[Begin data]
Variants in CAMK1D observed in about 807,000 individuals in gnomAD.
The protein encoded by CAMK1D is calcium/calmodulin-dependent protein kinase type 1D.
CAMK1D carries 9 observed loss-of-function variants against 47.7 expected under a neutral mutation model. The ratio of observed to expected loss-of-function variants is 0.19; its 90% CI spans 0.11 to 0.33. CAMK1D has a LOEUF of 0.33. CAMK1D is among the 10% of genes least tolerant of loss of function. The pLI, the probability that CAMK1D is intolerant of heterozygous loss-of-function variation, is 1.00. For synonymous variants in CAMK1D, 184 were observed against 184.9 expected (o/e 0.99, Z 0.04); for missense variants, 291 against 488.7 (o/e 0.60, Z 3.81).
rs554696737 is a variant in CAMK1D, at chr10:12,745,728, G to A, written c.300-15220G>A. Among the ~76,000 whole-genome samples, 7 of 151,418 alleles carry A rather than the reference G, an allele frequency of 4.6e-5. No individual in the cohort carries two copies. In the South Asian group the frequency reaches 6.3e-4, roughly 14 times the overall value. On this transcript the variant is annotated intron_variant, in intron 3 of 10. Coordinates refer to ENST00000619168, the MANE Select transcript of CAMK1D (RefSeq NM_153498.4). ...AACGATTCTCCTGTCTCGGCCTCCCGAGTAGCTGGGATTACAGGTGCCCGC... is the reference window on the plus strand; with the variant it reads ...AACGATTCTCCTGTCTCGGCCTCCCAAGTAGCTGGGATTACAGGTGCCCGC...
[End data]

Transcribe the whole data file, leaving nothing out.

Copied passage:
Variants in CAMK1D observed in about 807,000 individuals in gnomAD.
The protein encoded by CAMK1D is calcium/calmodulin-dependent protein kinase type 1D.
CAMK1D carries 9 observed loss-of-function variants against 47.7 expected under a neutral mutation model. The ratio of observed to expected loss-of-function variants is 0.19; its 90% CI spans 0.11 to 0.33. CAMK1D has a LOEUF of 0.33. CAMK1D is among the 10% of genes least tolerant of loss of function. The pLI, the probability that CAMK1D is intolerant of heterozygous loss-of-function variation, is 1.00. For synonymous variants in CAMK1D, 184 were observed against 184.9 expected (o/e 0.99, Z 0.04); for missense variants, 291 against 488.7 (o/e 0.60, Z 3.81).
rs554696737 is a variant in CAMK1D, at chr10:12,745,728, G to A, written c.300-15220G>A. Among the ~76,000 whole-genome samples, 7 of 151,418 alleles carry A rather than the reference G, an allele frequency of 4.6e-5. No individual in the cohort carries two copies. In the South Asian group the frequency reaches 6.3e-4, roughly 14 times the overall value. On this transcript the variant is annotated intron_variant, in intron 3 of 10. Coordinates refer to ENST00000619168, the MANE Select transcript of CAMK1D (RefSeq NM_153498.4). ...AACGATTCTCCTGTCTCGGCCTCCCGAGTAGCTGGGATTACAGGTGCCCGC... is the reference window on the plus strand; with the variant it reads ...AACGATTCTCCTGTCTCGGCCTCCCAAGTAGCTGGGATTACAGGTGCCCGC...